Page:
Description Price
washington-city-dc-1845-stampless-folded-letter-to-philadelphia WASHINGTON CITY DC 1845 STAMPLESS FOLDED LETTER TO PHILADELPHIA

Light but clear red postmark and numeral 5 rate. No content. SFL was folded down middle. Average condition.

charleston-south-carolina-1850-stampless-folded-letter-to-auburn-maine CHARLESTON SOUTH CAROLINA 1850 STAMPLESS FOLDED LETTER TO AUBURN MAINE

Brief note in a stampless folded letter that contained a check paying an invoice.  Clear 1850 red postmark of the line over 10 variety. 

boston-massachusetts-1830-stampless-folded-letter-to-cuttingsville-vermont BOSTON MASSACHUSETTS 1830 STAMPLESS FOLDED LETTER TO CUTTINGSVILLE VERMONT

Nice early letter to B. Brown in Cuttingsville, VT, regarding apology for not paying debt, Samuel Guile is the writer.  Guile was a contractor and borrowed the money to buy supplies for a construction job.  His client, in turn, has not paid him.  He is sending $50 for a smaller note Brown holds and a deposit on a larger, undisclosed, amount. Clean SFL.

baldwinville-masachusetts-1849-stampless-folded-letter-to-fitzwilliam-new-hampshire BALDWINVILLE MASSACHUSETTS DOUBLE RING POSTMARK 1849 STAMPLESS FOLDED LETTER TO FITZWILLIAM NEW HAMPSHIRE

Good double ring postmark and numeral 5 in black on this letter to Dexter Whitteman regarding receipt of his catalog for hats.  From town history records: DEXTER WHITTEMORE son of JOHN WHITTEMORE who came here at an early  date, and kept a small store in the cottage where he lived, was  born in Fitzwilliam, October 9, 1798. When Dexter became of age he  induced his father to buy the store of Dr. Scott, and there engaged  in trade, continuing over forty years.  He is said to have been the  first merchant of Cheshire county to give up the sale of spiritous  liquors. He was chosen to many offices of trust, and was very  generous and liberal in all good works.

manchester-new-hampshire-1847-stampless-folded-letter-to-daniel-osgood-franklin-nh MANCHESTER NEW HAMPSHIRE 1847 STAMPLESS FOLDED LETTER TO DANIEL OSGOOD, FRANKLIN NEW HAMPSHIRE

The Osgood family name is prominent in New Hampshire history. This is an interesting letter that appears to be from a law firm (G.H & H. Stearns) to Osgood regarding items belonging to a Mrs. G. White which Osgood may or may not have sold to satisify a debt.  Seems Mrs. White now has the means to pay and would like to get her goods back.  "She is to work in the mill here and is a trying to earn money to settle it up. She is sious (sic) to pay it and save some things that she has there. I think the prospect is favorable at this time that she will do it."   Clean and easy to read. Good postmark PAID and numeral 3 all in red.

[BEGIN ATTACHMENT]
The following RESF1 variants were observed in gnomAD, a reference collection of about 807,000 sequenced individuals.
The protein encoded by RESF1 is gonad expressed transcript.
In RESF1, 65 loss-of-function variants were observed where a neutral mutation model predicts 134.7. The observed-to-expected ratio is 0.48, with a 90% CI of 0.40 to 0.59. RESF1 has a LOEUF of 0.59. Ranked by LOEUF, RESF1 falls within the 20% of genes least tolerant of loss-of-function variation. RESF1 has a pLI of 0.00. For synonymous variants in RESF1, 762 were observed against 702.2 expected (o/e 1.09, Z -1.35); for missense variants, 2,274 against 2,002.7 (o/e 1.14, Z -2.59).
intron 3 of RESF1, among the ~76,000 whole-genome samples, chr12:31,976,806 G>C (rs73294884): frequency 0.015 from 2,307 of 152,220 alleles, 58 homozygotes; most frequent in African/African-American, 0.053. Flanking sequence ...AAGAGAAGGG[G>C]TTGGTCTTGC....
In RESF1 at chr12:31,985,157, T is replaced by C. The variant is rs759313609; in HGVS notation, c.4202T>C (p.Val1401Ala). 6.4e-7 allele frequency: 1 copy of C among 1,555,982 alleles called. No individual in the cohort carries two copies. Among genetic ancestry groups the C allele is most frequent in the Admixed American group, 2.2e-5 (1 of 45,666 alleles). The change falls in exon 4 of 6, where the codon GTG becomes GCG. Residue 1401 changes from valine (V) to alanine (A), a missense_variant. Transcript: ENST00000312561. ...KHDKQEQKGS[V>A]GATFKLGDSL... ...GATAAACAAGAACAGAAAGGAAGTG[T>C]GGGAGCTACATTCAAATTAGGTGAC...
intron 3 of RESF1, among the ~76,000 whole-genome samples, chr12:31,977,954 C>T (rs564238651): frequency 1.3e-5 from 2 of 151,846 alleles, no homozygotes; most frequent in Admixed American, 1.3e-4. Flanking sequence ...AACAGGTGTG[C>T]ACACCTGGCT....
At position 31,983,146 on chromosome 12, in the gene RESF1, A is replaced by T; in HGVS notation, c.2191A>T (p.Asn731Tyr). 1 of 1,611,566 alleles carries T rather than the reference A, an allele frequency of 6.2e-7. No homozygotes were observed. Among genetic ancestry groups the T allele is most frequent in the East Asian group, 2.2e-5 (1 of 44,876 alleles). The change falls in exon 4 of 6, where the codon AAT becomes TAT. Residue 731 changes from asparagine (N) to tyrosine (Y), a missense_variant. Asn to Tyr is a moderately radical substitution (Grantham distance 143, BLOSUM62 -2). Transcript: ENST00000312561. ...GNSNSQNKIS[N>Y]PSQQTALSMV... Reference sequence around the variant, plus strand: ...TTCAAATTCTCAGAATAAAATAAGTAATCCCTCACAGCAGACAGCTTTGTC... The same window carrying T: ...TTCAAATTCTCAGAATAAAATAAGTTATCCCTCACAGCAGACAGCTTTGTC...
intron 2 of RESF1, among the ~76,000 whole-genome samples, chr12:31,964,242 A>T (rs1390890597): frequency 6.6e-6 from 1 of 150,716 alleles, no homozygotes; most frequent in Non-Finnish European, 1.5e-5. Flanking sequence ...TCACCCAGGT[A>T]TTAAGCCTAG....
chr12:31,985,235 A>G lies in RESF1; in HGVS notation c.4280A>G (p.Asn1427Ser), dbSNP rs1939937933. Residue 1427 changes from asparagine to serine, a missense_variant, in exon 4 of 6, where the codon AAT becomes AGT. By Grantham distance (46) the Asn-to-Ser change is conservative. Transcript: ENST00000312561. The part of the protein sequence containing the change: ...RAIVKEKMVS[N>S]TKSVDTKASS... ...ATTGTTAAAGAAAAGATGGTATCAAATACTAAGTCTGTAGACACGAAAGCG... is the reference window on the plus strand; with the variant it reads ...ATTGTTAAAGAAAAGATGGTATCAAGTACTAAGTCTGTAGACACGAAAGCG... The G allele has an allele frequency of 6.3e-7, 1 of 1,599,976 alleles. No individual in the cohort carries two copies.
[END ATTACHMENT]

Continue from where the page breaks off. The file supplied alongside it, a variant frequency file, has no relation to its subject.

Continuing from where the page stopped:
gilford-new-hampshire-stampless-cover-to-hanover-nh GILFORD NEW HAMPSHIRE STAMPLESS COVER TO HANOVER NEW HAMPSHIRE

Blue postmark along with blue PAID and 5 markings.  Addressed to Mrs. Priscilla Whipple. Tear in upper left enters postmark. Cover in fair condition. 

perry-maine-manuscript-stampless-cover-to-south-milford-massachusetts PERRY MAINE MANUSCRIPT POSTAL MARKINGS ON STAMPLESS COVER TO SOUTH MILFORD MASSACHUSETTS

Neat cover (no contents). Note enbossing on backflap. Condition very good. Benjamin Marshall married in Bridgewater, December 29, 1768, Mary Hayward, daughter of Thomas and Elizabeth (Gannet) Hayward, and a descendant of Thomas Hayward, who came from England and settled in Duxbury before 1638 and became an original proprietor of Bridgewater. Hayward Marshall, son of Benjamin and Mary (Hayward) Marshall, was born April 6, 1771. Hayward Marshall was a prosperous farmer in that part of the Bridgewater known as Marshall's Corner, where he also conducted a tavern for a number of years.

keene-new-hampshire-stampless-folded-letter-to-stoddard-nh KEENE NEW HAMPSHIRE STAMPLESS FOLDED LETTER TO STODDARD NEW HAMPSHIRE

Light red Keene postmard and PAID mark on this cover to Lydia Joslin. No contents. LUKE JOSLIN, born December 22, 1797, married Lydia Foster of Stoddard, Nov. 24, 1824, lived on the old place in "Leominster Corner," until 1840, when they moved to a farm near the village, and in 1855 moved to Keene, where he died June 3, 1875, having been for many years a deacon of the church in Stoddard.